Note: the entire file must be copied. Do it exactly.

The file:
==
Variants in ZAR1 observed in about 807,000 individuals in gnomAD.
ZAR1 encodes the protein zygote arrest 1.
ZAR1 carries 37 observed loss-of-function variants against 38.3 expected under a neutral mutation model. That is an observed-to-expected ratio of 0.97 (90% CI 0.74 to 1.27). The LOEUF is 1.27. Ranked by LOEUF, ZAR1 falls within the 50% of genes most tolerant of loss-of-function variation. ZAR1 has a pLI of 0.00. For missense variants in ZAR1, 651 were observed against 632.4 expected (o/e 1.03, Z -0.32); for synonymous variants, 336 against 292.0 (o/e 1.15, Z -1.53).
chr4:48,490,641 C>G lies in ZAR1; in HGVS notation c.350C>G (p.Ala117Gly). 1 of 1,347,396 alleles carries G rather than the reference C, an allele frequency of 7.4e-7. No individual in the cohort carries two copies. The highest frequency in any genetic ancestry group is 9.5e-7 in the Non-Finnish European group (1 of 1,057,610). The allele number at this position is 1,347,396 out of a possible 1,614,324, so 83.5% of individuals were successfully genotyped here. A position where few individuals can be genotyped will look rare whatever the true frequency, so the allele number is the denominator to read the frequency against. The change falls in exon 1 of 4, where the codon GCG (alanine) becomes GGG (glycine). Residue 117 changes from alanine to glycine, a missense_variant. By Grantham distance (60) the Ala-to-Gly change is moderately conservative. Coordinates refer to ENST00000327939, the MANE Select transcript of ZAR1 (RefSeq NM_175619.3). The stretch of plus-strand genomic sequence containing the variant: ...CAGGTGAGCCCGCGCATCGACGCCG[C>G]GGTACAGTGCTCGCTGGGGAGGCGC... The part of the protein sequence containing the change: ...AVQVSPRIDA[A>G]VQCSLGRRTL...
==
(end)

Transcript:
Variants in ZAR1 observed in about 807,000 individuals in gnomAD.
ZAR1 encodes the protein zygote arrest 1.
ZAR1 carries 37 observed loss-of-function variants against 38.3 expected under a neutral mutation model. That is an observed-to-expected ratio of 0.97 (90% CI 0.74 to 1.27). The LOEUF is 1.27. Ranked by LOEUF, ZAR1 falls within the 50% of genes most tolerant of loss-of-function variation. ZAR1 has a pLI of 0.00. For missense variants in ZAR1, 651 were observed against 632.4 expected (o/e 1.03, Z -0.32); for synonymous variants, 336 against 292.0 (o/e 1.15, Z -1.53).
chr4:48,490,641 C>G lies in ZAR1; in HGVS notation c.350C>G (p.Ala117Gly). 1 of 1,347,396 alleles carries G rather than the reference C, an allele frequency of 7.4e-7. No individual in the cohort carries two copies. The highest frequency in any genetic ancestry group is 9.5e-7 in the Non-Finnish European group (1 of 1,057,610). The allele number at this position is 1,347,396 out of a possible 1,614,324, so 83.5% of individuals were successfully genotyped here. A position where few individuals can be genotyped will look rare whatever the true frequency, so the allele number is the denominator to read the frequency against. The change falls in exon 1 of 4, where the codon GCG (alanine) becomes GGG (glycine). Residue 117 changes from alanine to glycine, a missense_variant. By Grantham distance (60) the Ala-to-Gly change is moderately conservative. Coordinates refer to ENST00000327939, the MANE Select transcript of ZAR1 (RefSeq NM_175619.3). The stretch of plus-strand genomic sequence containing the variant: ...CAGGTGAGCCCGCGCATCGACGCCG[C>G]GGTACAGTGCTCGCTGGGGAGGCGC... The part of the protein sequence containing the change: ...AVQVSPRIDA[A>G]VQCSLGRRTL...